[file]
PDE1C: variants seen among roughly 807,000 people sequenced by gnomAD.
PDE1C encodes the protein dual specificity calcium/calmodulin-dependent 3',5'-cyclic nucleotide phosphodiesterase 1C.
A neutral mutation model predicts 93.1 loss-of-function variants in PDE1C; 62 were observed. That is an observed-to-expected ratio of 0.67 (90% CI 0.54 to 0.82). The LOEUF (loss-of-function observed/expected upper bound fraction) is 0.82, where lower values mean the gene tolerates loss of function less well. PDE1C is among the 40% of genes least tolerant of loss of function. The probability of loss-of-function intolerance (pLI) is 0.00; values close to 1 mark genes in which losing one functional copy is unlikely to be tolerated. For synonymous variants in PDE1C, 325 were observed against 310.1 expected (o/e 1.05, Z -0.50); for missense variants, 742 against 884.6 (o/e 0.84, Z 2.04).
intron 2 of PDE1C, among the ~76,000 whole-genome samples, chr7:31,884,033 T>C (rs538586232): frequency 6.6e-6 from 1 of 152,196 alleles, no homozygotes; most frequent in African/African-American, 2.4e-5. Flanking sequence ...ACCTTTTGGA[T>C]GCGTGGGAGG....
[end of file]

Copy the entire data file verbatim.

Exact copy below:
PDE1C: variants seen among roughly 807,000 people sequenced by gnomAD.
PDE1C encodes the protein dual specificity calcium/calmodulin-dependent 3',5'-cyclic nucleotide phosphodiesterase 1C.
A neutral mutation model predicts 93.1 loss-of-function variants in PDE1C; 62 were observed. That is an observed-to-expected ratio of 0.67 (90% CI 0.54 to 0.82). The LOEUF (loss-of-function observed/expected upper bound fraction) is 0.82, where lower values mean the gene tolerates loss of function less well. PDE1C is among the 40% of genes least tolerant of loss of function. The probability of loss-of-function intolerance (pLI) is 0.00; values close to 1 mark genes in which losing one functional copy is unlikely to be tolerated. For synonymous variants in PDE1C, 325 were observed against 310.1 expected (o/e 1.05, Z -0.50); for missense variants, 742 against 884.6 (o/e 0.84, Z 2.04).
intron 2 of PDE1C, among the ~76,000 whole-genome samples, chr7:31,884,033 T>C (rs538586232): frequency 6.6e-6 from 1 of 152,196 alleles, no homozygotes; most frequent in African/African-American, 2.4e-5. Flanking sequence ...ACCTTTTGGA[T>C]GCGTGGGAGG....